Drought Conditions Continue to Affect South Dakota
BROOKINGS, S.D. – South Dakotans’ apprehension of an impending drought has been growing, and rightfully so, says Laura Edwards, SDSU Extension State Climatologist. According to the latest National Oceanic and Atmospheric Administration climate outlook, there will be minimal moisture reprieve in the months to come.
The U.S. Drought Monitor map released January 21 shows over 60 percent of the state in Moderate (D1) to Extreme (D3) drought categories. The remaining nearly 40 percent is in the Abnormally Dry (D0) category. Three months ago, only 42 percent of the state was in the Moderate to Extreme drought categories
Edwards says the lack of precipitation recently has made a dry situation worse, as soil and surface water are also evaporating during this abnormally warm winter.
“The lack of snow cover is not able to protect winter wheat from possible frost damage, should areas see extreme cold temperatures,” Edwards says. “People who enjoy outdoor winter recreation have struggled without snow for snowmobiling, sledding and cross-country skiing. Ski areas in the Black Hills have had to improvise, making snow for their runs in order to stay open for business this season. Thin ice on many lakes and waterways has made ice fishing unsafe.”
Last week, the NOAA Climate Prediction Center released its February outlook as well as its three-month outlook through April. Temperature expectations for South Dakota in February start with a bit of uncertainty, Edwards says.
“Currently, computer models are showing some fluctuations between colder and warmer than average for the start of the month ahead,” Edwards says. “The outlook indicates this uncertainty with equal chances of warmer, cooler or near-average temperatures for the month overall. For the three-month period of February through April, odds start to lean towards warmer than average temperatures for all but the far northwest corner of the state.”
The precipitation outlook shows February slightly more likely to have wetter than average conditions for all parts of the state but the far southern tier along the Nebraska border.
“This is still in our winter season where precipitation is historically low, so a couple of big storms could easily bring the monthly total above average,” Edwards says. “For the next three months into April, there is more uncertainty and almost all of the state is shown to have equal chances of wetter, drier or near-average precipitation.”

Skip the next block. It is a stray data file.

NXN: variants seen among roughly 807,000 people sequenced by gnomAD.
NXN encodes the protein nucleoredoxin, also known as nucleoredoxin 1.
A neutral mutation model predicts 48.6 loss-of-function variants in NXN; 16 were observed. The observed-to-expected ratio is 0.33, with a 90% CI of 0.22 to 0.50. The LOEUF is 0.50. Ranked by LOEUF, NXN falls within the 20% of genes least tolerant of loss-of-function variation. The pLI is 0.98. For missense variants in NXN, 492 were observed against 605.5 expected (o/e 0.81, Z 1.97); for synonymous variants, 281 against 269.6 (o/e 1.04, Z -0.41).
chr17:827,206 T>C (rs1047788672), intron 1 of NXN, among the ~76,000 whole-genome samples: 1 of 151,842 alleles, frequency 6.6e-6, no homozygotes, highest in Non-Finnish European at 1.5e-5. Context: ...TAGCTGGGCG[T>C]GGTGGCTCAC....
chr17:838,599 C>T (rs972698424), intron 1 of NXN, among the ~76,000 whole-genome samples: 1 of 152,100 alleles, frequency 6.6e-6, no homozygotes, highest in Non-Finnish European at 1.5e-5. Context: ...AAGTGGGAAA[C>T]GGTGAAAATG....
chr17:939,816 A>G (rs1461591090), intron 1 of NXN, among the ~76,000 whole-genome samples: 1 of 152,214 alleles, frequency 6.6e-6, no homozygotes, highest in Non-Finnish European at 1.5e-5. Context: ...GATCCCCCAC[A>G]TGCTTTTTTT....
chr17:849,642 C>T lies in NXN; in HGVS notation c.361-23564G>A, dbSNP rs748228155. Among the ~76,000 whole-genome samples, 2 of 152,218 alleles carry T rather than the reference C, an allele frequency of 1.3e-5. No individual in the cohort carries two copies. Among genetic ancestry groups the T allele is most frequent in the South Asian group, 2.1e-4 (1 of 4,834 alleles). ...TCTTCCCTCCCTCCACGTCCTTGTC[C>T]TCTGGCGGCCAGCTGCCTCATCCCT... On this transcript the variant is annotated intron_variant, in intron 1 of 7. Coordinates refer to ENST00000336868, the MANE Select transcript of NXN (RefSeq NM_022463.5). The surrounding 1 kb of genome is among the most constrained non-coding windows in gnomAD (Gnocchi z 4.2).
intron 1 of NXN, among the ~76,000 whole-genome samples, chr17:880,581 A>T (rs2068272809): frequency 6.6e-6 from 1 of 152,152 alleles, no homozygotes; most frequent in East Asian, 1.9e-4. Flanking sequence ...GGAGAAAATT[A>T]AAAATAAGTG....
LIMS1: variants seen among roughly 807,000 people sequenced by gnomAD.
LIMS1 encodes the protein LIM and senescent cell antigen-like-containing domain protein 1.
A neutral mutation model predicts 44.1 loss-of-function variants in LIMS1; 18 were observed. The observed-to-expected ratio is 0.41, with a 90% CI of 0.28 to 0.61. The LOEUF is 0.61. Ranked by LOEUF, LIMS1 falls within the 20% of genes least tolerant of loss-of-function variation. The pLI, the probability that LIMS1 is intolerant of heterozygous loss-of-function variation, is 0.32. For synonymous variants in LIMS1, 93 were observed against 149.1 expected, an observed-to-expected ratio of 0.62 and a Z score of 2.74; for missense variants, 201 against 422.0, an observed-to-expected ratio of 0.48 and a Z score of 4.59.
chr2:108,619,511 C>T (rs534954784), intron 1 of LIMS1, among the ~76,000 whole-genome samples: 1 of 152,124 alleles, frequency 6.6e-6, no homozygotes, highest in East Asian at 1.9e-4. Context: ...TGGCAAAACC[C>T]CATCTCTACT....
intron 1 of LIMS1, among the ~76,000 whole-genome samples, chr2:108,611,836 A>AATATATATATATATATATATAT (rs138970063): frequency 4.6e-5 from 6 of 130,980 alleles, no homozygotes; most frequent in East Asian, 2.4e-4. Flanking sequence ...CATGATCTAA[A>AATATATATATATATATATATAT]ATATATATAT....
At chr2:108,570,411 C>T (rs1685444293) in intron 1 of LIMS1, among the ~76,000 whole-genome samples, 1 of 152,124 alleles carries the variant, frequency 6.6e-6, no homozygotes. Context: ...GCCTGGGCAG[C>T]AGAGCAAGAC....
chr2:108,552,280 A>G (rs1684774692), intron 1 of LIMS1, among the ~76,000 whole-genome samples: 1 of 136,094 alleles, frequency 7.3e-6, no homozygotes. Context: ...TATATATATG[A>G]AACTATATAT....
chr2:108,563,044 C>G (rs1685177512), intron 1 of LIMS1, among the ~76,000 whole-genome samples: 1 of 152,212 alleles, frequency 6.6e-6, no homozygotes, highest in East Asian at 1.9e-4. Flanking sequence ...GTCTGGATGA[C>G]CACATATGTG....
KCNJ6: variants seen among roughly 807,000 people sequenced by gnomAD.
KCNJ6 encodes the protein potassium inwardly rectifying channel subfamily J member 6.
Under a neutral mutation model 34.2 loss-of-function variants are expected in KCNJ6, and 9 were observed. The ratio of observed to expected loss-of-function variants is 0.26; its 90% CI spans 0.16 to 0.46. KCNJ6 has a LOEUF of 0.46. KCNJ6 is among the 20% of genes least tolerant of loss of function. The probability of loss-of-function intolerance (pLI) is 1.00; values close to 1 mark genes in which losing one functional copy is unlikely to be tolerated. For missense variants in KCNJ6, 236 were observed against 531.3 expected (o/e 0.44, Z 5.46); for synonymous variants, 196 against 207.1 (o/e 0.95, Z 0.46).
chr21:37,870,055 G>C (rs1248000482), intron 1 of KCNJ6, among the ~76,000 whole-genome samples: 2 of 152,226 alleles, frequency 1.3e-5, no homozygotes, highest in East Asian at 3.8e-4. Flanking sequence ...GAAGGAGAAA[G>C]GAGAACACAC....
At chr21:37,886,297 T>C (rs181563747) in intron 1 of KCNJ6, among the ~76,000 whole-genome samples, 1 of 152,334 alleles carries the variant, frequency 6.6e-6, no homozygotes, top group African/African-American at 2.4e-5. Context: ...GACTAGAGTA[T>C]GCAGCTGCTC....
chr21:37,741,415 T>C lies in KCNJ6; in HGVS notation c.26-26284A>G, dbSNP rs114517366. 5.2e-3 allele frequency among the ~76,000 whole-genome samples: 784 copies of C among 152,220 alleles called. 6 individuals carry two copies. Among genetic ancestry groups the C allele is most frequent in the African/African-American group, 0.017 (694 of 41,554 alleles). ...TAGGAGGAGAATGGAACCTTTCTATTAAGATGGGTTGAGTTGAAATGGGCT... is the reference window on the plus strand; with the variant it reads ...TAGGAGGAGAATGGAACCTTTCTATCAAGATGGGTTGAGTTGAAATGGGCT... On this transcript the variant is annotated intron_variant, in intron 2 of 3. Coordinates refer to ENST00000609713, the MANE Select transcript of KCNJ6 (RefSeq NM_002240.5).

To get any substantial relief from drought conditions, spring precipitation will be more important than ever this year, Edwards says.
“Many areas of the state were four or more inches below average precipitation in 2020,” Edwards says. “The winter warmth is allowing for more moisture loss when it is often ‘locked’ in as frozen soils and waterways.”
As a result of the dry period from late summer through January, nearly everywhere in the state is carrying a shortage of soil moisture to start the 2021 growing season for grasses, pastures, row crops, gardens and trees. Edwards says while winter precipitation can help in improving drought conditions, it can also run off frozen ground instead of infiltrating into the soil.
In addition to a dry winter, La Niña conditions — driven by colder waters in the Pacific Ocean near the equator by South America — are in place this season. These conditions often can change the jet stream patterns over North America. For South Dakota, past La Niña winter seasons have brought colder than average temperatures, but Edwards says that has not been the case this year.
“Since 1950, there have been just four La Niña winters with warmer than average temperatures in our region, the most recent being 2011-2012,” Edwards says.
Finally, Edwards says there is another factor at play this year — the Arctic Oscillation over the northern latitudes around the North Pole.
“That has been more prominent over our region in preventing colder air from moving south into the Dakotas,” Edwards says. “Many climate forecasters see the Arctic Oscillation in its current phase weakening, and thus allowing more cold air to come into the northern U.S. states as is shown in Montana and North Dakota’s outlooks this month.”
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